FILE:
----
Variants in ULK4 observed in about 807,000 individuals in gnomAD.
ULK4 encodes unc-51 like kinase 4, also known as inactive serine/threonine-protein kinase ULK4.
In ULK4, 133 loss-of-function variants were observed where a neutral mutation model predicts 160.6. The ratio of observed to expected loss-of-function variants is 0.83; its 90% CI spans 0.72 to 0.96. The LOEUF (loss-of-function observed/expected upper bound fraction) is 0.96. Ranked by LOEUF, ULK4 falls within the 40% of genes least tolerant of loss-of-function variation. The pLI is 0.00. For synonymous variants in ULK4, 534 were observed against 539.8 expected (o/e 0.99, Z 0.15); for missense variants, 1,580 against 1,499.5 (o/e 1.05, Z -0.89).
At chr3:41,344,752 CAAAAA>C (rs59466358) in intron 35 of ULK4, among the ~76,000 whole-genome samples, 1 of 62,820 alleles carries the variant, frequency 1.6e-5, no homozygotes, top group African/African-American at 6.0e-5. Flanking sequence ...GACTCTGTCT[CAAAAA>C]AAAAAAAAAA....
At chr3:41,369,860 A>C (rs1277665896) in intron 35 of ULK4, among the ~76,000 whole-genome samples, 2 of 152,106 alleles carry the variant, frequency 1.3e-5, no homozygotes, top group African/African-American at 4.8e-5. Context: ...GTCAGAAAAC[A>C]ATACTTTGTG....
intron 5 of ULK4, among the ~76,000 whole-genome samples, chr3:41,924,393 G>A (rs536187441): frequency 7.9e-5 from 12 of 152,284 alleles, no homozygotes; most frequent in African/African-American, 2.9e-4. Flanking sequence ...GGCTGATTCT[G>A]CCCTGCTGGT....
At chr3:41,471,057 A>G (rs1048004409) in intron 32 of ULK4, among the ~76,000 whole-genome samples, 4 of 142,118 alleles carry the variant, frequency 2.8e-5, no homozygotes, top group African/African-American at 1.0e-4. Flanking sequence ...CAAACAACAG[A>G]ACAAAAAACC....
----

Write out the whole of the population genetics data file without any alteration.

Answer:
Variants in ULK4 observed in about 807,000 individuals in gnomAD.
ULK4 encodes unc-51 like kinase 4, also known as inactive serine/threonine-protein kinase ULK4.
In ULK4, 133 loss-of-function variants were observed where a neutral mutation model predicts 160.6. The ratio of observed to expected loss-of-function variants is 0.83; its 90% CI spans 0.72 to 0.96. The LOEUF (loss-of-function observed/expected upper bound fraction) is 0.96. Ranked by LOEUF, ULK4 falls within the 40% of genes least tolerant of loss-of-function variation. The pLI is 0.00. For synonymous variants in ULK4, 534 were observed against 539.8 expected (o/e 0.99, Z 0.15); for missense variants, 1,580 against 1,499.5 (o/e 1.05, Z -0.89).
At chr3:41,344,752 CAAAAA>C (rs59466358) in intron 35 of ULK4, among the ~76,000 whole-genome samples, 1 of 62,820 alleles carries the variant, frequency 1.6e-5, no homozygotes, top group African/African-American at 6.0e-5. Flanking sequence ...GACTCTGTCT[CAAAAA>C]AAAAAAAAAA....
At chr3:41,369,860 A>C (rs1277665896) in intron 35 of ULK4, among the ~76,000 whole-genome samples, 2 of 152,106 alleles carry the variant, frequency 1.3e-5, no homozygotes, top group African/African-American at 4.8e-5. Context: ...GTCAGAAAAC[A>C]ATACTTTGTG....
intron 5 of ULK4, among the ~76,000 whole-genome samples, chr3:41,924,393 G>A (rs536187441): frequency 7.9e-5 from 12 of 152,284 alleles, no homozygotes; most frequent in African/African-American, 2.9e-4. Flanking sequence ...GGCTGATTCT[G>A]CCCTGCTGGT....
At chr3:41,471,057 A>G (rs1048004409) in intron 32 of ULK4, among the ~76,000 whole-genome samples, 4 of 142,118 alleles carry the variant, frequency 2.8e-5, no homozygotes, top group African/African-American at 1.0e-4. Flanking sequence ...CAAACAACAG[A>G]ACAAAAAACC....